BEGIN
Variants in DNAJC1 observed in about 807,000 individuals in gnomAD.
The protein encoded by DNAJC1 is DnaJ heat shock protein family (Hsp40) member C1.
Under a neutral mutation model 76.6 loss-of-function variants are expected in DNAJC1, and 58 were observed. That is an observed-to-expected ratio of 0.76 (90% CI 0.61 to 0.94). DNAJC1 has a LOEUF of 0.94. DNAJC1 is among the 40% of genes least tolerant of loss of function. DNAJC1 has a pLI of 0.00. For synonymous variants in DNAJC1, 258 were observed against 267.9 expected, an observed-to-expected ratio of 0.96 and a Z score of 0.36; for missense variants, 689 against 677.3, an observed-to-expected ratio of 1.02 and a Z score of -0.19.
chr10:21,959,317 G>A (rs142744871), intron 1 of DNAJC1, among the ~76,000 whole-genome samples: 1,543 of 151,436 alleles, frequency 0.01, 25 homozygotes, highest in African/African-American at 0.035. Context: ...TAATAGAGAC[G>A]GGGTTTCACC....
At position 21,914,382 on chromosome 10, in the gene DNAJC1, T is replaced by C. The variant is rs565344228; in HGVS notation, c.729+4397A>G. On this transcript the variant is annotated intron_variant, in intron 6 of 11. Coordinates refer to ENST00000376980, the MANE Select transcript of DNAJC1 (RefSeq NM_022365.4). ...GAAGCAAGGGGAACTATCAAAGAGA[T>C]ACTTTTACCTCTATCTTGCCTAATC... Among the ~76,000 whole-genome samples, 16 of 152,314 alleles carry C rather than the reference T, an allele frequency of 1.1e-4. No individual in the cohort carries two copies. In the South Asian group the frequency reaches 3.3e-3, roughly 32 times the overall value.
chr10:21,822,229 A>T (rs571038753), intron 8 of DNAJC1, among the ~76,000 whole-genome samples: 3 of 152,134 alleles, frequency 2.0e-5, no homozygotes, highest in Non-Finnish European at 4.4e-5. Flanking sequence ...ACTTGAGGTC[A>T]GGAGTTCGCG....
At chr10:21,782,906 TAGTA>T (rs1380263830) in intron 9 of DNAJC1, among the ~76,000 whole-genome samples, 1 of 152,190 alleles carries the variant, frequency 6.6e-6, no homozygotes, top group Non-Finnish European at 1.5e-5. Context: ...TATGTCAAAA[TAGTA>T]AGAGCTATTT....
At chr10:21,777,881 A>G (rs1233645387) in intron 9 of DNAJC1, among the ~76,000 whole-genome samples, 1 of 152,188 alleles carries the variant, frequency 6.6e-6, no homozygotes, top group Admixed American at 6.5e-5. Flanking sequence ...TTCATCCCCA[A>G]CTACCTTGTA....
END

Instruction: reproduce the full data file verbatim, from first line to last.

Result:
Variants in DNAJC1 observed in about 807,000 individuals in gnomAD.
The protein encoded by DNAJC1 is DnaJ heat shock protein family (Hsp40) member C1.
Under a neutral mutation model 76.6 loss-of-function variants are expected in DNAJC1, and 58 were observed. That is an observed-to-expected ratio of 0.76 (90% CI 0.61 to 0.94). DNAJC1 has a LOEUF of 0.94. DNAJC1 is among the 40% of genes least tolerant of loss of function. DNAJC1 has a pLI of 0.00. For synonymous variants in DNAJC1, 258 were observed against 267.9 expected, an observed-to-expected ratio of 0.96 and a Z score of 0.36; for missense variants, 689 against 677.3, an observed-to-expected ratio of 1.02 and a Z score of -0.19.
chr10:21,959,317 G>A (rs142744871), intron 1 of DNAJC1, among the ~76,000 whole-genome samples: 1,543 of 151,436 alleles, frequency 0.01, 25 homozygotes, highest in African/African-American at 0.035. Context: ...TAATAGAGAC[G>A]GGGTTTCACC....
At position 21,914,382 on chromosome 10, in the gene DNAJC1, T is replaced by C. The variant is rs565344228; in HGVS notation, c.729+4397A>G. On this transcript the variant is annotated intron_variant, in intron 6 of 11. Coordinates refer to ENST00000376980, the MANE Select transcript of DNAJC1 (RefSeq NM_022365.4). ...GAAGCAAGGGGAACTATCAAAGAGA[T>C]ACTTTTACCTCTATCTTGCCTAATC... Among the ~76,000 whole-genome samples, 16 of 152,314 alleles carry C rather than the reference T, an allele frequency of 1.1e-4. No individual in the cohort carries two copies. In the South Asian group the frequency reaches 3.3e-3, roughly 32 times the overall value.
chr10:21,822,229 A>T (rs571038753), intron 8 of DNAJC1, among the ~76,000 whole-genome samples: 3 of 152,134 alleles, frequency 2.0e-5, no homozygotes, highest in Non-Finnish European at 4.4e-5. Flanking sequence ...ACTTGAGGTC[A>T]GGAGTTCGCG....
At chr10:21,782,906 TAGTA>T (rs1380263830) in intron 9 of DNAJC1, among the ~76,000 whole-genome samples, 1 of 152,190 alleles carries the variant, frequency 6.6e-6, no homozygotes, top group Non-Finnish European at 1.5e-5. Context: ...TATGTCAAAA[TAGTA>T]AGAGCTATTT....
At chr10:21,777,881 A>G (rs1233645387) in intron 9 of DNAJC1, among the ~76,000 whole-genome samples, 1 of 152,188 alleles carries the variant, frequency 6.6e-6, no homozygotes, top group Admixed American at 6.5e-5. Flanking sequence ...TTCATCCCCA[A>G]CTACCTTGTA....